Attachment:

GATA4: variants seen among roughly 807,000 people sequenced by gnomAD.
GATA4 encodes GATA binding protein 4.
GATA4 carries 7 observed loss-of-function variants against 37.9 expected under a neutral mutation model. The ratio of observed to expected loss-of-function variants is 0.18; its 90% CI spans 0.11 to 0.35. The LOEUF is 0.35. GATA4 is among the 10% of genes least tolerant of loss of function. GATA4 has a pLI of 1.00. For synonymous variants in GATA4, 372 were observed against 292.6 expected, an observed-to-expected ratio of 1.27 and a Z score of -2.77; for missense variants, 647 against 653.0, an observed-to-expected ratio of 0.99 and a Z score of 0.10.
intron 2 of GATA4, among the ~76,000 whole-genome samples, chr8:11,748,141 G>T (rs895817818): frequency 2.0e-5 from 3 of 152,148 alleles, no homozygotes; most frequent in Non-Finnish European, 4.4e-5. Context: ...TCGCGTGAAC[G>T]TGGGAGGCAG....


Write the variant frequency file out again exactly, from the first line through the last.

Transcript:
GATA4: variants seen among roughly 807,000 people sequenced by gnomAD.
GATA4 encodes GATA binding protein 4.
GATA4 carries 7 observed loss-of-function variants against 37.9 expected under a neutral mutation model. The ratio of observed to expected loss-of-function variants is 0.18; its 90% CI spans 0.11 to 0.35. The LOEUF is 0.35. GATA4 is among the 10% of genes least tolerant of loss of function. GATA4 has a pLI of 1.00. For synonymous variants in GATA4, 372 were observed against 292.6 expected, an observed-to-expected ratio of 1.27 and a Z score of -2.77; for missense variants, 647 against 653.0, an observed-to-expected ratio of 0.99 and a Z score of 0.10.
intron 2 of GATA4, among the ~76,000 whole-genome samples, chr8:11,748,141 G>T (rs895817818): frequency 2.0e-5 from 3 of 152,148 alleles, no homozygotes; most frequent in Non-Finnish European, 4.4e-5. Context: ...TCGCGTGAAC[G>T]TGGGAGGCAG....